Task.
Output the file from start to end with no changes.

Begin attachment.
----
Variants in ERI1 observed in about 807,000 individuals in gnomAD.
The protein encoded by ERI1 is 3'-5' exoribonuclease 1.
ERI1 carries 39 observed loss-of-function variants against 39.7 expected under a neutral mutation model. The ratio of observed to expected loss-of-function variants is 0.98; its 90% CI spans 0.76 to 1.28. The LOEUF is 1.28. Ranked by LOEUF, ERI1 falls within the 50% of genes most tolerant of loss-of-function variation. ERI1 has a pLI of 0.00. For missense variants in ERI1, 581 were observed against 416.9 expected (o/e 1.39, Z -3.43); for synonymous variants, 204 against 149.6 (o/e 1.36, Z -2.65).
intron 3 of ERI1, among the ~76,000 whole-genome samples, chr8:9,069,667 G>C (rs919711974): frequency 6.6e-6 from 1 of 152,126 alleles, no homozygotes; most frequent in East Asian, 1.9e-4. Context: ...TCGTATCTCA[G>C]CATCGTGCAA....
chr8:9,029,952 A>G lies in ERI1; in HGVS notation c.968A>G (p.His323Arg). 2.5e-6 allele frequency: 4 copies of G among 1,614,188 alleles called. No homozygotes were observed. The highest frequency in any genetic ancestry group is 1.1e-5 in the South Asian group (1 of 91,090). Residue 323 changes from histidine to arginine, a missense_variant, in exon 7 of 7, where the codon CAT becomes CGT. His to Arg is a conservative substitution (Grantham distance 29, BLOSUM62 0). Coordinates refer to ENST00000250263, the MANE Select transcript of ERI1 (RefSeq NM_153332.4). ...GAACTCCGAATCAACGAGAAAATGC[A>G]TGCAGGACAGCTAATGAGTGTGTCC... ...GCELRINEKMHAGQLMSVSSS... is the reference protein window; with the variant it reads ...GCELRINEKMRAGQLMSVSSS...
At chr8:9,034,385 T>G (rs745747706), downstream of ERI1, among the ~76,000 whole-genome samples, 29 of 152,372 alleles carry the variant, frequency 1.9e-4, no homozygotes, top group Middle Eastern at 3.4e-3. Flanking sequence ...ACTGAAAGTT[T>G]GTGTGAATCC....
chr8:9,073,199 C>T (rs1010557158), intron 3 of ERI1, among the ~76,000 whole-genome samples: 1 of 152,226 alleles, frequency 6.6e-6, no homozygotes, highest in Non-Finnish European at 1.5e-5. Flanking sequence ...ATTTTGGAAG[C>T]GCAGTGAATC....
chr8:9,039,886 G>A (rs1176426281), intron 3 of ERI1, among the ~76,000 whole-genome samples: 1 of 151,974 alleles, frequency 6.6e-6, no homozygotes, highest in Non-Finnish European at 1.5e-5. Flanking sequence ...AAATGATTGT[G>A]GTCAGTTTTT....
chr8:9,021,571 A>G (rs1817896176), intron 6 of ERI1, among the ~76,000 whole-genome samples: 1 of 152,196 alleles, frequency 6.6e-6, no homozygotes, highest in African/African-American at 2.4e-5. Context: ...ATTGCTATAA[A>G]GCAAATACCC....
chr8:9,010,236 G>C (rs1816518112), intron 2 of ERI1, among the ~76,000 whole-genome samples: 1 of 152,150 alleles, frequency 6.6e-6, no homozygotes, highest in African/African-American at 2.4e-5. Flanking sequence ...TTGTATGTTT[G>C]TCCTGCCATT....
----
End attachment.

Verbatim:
Variants in ERI1 observed in about 807,000 individuals in gnomAD.
The protein encoded by ERI1 is 3'-5' exoribonuclease 1.
ERI1 carries 39 observed loss-of-function variants against 39.7 expected under a neutral mutation model. The ratio of observed to expected loss-of-function variants is 0.98; its 90% CI spans 0.76 to 1.28. The LOEUF is 1.28. Ranked by LOEUF, ERI1 falls within the 50% of genes most tolerant of loss-of-function variation. ERI1 has a pLI of 0.00. For missense variants in ERI1, 581 were observed against 416.9 expected (o/e 1.39, Z -3.43); for synonymous variants, 204 against 149.6 (o/e 1.36, Z -2.65).
intron 3 of ERI1, among the ~76,000 whole-genome samples, chr8:9,069,667 G>C (rs919711974): frequency 6.6e-6 from 1 of 152,126 alleles, no homozygotes; most frequent in East Asian, 1.9e-4. Context: ...TCGTATCTCA[G>C]CATCGTGCAA....
chr8:9,029,952 A>G lies in ERI1; in HGVS notation c.968A>G (p.His323Arg). 2.5e-6 allele frequency: 4 copies of G among 1,614,188 alleles called. No homozygotes were observed. The highest frequency in any genetic ancestry group is 1.1e-5 in the South Asian group (1 of 91,090). Residue 323 changes from histidine to arginine, a missense_variant, in exon 7 of 7, where the codon CAT becomes CGT. His to Arg is a conservative substitution (Grantham distance 29, BLOSUM62 0). Coordinates refer to ENST00000250263, the MANE Select transcript of ERI1 (RefSeq NM_153332.4). ...GAACTCCGAATCAACGAGAAAATGC[A>G]TGCAGGACAGCTAATGAGTGTGTCC... ...GCELRINEKMHAGQLMSVSSS... is the reference protein window; with the variant it reads ...GCELRINEKMRAGQLMSVSSS...
At chr8:9,034,385 T>G (rs745747706), downstream of ERI1, among the ~76,000 whole-genome samples, 29 of 152,372 alleles carry the variant, frequency 1.9e-4, no homozygotes, top group Middle Eastern at 3.4e-3. Flanking sequence ...ACTGAAAGTT[T>G]GTGTGAATCC....
chr8:9,073,199 C>T (rs1010557158), intron 3 of ERI1, among the ~76,000 whole-genome samples: 1 of 152,226 alleles, frequency 6.6e-6, no homozygotes, highest in Non-Finnish European at 1.5e-5. Flanking sequence ...ATTTTGGAAG[C>T]GCAGTGAATC....
chr8:9,039,886 G>A (rs1176426281), intron 3 of ERI1, among the ~76,000 whole-genome samples: 1 of 151,974 alleles, frequency 6.6e-6, no homozygotes, highest in Non-Finnish European at 1.5e-5. Flanking sequence ...AAATGATTGT[G>A]GTCAGTTTTT....
chr8:9,021,571 A>G (rs1817896176), intron 6 of ERI1, among the ~76,000 whole-genome samples: 1 of 152,196 alleles, frequency 6.6e-6, no homozygotes, highest in African/African-American at 2.4e-5. Context: ...ATTGCTATAA[A>G]GCAAATACCC....
chr8:9,010,236 G>C (rs1816518112), intron 2 of ERI1, among the ~76,000 whole-genome samples: 1 of 152,150 alleles, frequency 6.6e-6, no homozygotes, highest in African/African-American at 2.4e-5. Flanking sequence ...TTGTATGTTT[G>C]TCCTGCCATT....